According to the previous literature, higher rates of pertussis, hospitalizations, complications, and mortality were in infants than any other age group . In the present study, pertussis mainly occurred in children aged < 6 months, especially those aged < 3 months, which is in line with previous reports [10, 11], and most of the patients were unvaccinated with regard to diphtheria-tetanus-pertussis (DTP). The outbreaks of pertussis have been reported periodically every two to five years . In our study, there was an obvious increase in the numbers of patients and deaths in 2018–2019. This may be due to the increasing laboratory tests of pertussis in our hospital in the last two years. The mortality of severe pertussis has been reported to be very high in developed countries, ranging from 19.7 to 31% [13, 14]. The mortality of pertussis was 9.0% in our study, and the mortality of severe pertussis in the PICU/NICU was 34.2%. The mortality of severe pertussis might be lower than that in reality because of the limitations of the laboratory tests and the inadequate recognition of this disease in its early stage. Some pertussis patients who died were not tested for B. pertussis and might be misdiagnosed. Previous reports have indicated that the mortality of pertussis in infants younger than 6 weeks was much higher . In our study, 56.9% of patients aged < 3 months died, 92.3% were younger than 3 months and 76.9% were younger than 6 weeks. This means that these children were not protected by the vaccine, because the recommended schedule for DTP vaccination is from 3 months of age in our country. In 2015, the WHO recommended that the primary DTP vaccination should be given at 6 weeks, at least not later than 2 months . From the results of our research, we also recommend the first dose of DTP should advance to the age of 2 months or even 6 weeks in China.
Based on other publications, younger age, lower birth weight and younger gestational age were the risk factors for death [15, 16], and age < 3 months and underlying comorbid conditions were the independent risk factors for death . In our study, we identified that host factors such as younger age and lower birth weight were significantly associated with the death of patients with severe pertussis. However, it was an unexpected finding that younger age was not found to be an independent risk factor, likely because most of the pertussis patients in our study aged < 6 months, especially those aged < 3 months, would affect the data analyses, leading to bias om the result. On the other hand, we identified that clinical manifestations, such as fever ≥ 38.5℃, cough ≥ 14 days, cyanosis, shortness of breath, fatigue with feeding, seizures, altered sensorium, oxygen saturation < 90%, increased respiratory rate, increased heart rate, crackles, and capillary filling time(CRT) > 2 s were significantly associated with the death of severe pertussis patients. These factors would be some important hints to help paediatric doctors recognize severe pertussis patients in the early stage of the illness.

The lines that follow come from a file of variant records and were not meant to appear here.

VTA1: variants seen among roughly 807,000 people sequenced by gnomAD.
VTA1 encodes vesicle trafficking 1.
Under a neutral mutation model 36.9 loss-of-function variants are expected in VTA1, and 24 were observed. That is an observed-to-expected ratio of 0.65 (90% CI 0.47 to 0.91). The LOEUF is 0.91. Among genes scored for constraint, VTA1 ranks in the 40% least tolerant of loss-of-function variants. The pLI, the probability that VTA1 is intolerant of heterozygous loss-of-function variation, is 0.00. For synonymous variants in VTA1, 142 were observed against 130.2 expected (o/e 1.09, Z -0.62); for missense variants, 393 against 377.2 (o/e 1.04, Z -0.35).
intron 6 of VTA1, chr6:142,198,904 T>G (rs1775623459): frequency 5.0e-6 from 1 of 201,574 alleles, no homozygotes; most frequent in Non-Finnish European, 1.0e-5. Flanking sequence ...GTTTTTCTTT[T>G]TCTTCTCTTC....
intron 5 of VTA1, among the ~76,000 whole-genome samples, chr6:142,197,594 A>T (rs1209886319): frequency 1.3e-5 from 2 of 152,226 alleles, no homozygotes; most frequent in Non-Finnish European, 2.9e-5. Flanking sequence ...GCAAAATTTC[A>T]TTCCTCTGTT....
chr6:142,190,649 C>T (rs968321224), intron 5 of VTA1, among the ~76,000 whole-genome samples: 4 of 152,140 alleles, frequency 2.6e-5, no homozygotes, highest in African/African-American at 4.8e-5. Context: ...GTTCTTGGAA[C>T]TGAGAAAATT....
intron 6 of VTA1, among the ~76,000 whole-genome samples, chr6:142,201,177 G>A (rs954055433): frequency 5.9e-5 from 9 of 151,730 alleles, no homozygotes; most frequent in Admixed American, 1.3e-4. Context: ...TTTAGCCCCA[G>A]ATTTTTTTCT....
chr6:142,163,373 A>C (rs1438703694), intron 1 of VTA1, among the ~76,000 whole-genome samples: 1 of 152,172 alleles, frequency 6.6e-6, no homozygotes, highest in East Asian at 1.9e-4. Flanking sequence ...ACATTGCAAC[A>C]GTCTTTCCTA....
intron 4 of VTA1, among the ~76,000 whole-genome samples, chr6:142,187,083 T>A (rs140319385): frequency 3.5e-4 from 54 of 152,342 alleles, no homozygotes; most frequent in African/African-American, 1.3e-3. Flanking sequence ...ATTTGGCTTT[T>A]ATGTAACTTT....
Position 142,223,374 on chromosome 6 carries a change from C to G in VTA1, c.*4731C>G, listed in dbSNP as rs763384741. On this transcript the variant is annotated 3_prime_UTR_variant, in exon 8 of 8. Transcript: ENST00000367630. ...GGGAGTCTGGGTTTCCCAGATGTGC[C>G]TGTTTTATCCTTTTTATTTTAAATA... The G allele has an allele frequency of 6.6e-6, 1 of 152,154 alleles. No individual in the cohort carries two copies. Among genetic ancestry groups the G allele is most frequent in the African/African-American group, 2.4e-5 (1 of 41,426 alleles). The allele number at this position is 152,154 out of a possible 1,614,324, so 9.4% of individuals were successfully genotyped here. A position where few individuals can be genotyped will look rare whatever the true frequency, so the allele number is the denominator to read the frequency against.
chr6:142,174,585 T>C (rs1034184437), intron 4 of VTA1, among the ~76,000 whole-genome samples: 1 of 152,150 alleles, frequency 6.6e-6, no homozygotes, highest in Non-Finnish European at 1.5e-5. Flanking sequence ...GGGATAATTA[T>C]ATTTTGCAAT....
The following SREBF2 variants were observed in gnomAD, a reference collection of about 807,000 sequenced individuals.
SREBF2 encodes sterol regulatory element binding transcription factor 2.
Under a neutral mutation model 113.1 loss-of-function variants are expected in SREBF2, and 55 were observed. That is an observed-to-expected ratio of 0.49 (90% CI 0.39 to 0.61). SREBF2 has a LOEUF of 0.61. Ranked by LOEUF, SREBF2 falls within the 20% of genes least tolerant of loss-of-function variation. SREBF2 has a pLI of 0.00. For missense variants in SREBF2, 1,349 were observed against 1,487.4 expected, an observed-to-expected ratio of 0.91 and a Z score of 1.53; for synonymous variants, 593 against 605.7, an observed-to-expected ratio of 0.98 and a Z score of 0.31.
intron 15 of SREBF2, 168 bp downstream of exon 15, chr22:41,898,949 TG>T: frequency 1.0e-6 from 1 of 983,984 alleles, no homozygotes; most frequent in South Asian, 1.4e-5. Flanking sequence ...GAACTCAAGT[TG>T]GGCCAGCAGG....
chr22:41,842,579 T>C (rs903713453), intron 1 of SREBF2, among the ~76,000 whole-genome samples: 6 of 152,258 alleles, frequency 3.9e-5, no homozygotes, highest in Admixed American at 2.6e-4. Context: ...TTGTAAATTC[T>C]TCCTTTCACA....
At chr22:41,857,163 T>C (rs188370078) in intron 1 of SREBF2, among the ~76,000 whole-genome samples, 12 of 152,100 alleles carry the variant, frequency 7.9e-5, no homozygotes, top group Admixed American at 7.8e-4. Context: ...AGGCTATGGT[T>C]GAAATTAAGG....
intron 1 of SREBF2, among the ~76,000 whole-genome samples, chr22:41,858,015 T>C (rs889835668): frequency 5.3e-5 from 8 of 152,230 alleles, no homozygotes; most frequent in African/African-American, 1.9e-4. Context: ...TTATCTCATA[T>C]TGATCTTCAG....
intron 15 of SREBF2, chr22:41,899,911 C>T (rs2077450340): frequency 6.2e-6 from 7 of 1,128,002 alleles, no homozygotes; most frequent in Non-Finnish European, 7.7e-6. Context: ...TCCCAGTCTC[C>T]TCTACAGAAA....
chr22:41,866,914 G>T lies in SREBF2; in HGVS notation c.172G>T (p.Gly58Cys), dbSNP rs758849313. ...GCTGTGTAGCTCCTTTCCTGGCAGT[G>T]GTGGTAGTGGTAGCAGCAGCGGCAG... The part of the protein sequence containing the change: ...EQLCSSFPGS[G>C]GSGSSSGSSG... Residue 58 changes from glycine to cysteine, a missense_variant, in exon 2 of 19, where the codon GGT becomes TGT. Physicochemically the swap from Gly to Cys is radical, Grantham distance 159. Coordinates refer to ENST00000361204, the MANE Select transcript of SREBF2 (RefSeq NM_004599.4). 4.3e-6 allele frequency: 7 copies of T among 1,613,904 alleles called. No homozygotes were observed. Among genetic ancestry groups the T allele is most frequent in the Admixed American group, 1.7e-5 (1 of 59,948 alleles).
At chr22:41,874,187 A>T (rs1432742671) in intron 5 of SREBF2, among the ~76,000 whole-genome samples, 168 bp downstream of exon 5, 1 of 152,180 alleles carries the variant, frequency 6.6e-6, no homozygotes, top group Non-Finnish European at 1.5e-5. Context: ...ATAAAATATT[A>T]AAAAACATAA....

Severe pertussis was accompanied by a wide range of complications, such as pneumonia, pneumothorax, PH, haemorrhage from the gastrointestinal or respiratory tract, toxic encephalopathy, and septic shock being the most common reported [18,19,20]. In our study, the presence of pneumonia, pleural effusion, pneumothorax, respiratory failure, ARDS, pneumorrhagia, PH, heart failure, sepsis, toxic encephalopathy, and acute renal failure were associated with death. Pneumonia was the most common complication in severe pertussis and was significantly associated with death [18, 20]. All our dead cases presented with more severe pneumonia effusion, which was more likely to develop to ARDS or pneumorrhagia. ARDS and pneumorrhagia were associated with death from severe pertussis in our univariable analysis, which coincides with prior evidence. In our study, bacterial coinfections were detected in 26.4% besides B. pertussis and 31.9% patients had fever. This might indicate secondary bacterial infections, mainly pneumonia, pleural effusion, or even septic shock. Beside macrolide antibiotics, some severe patients in our study needed other antibiotics such as cefoperazone, meropenem, and vancomycin et in the ICU.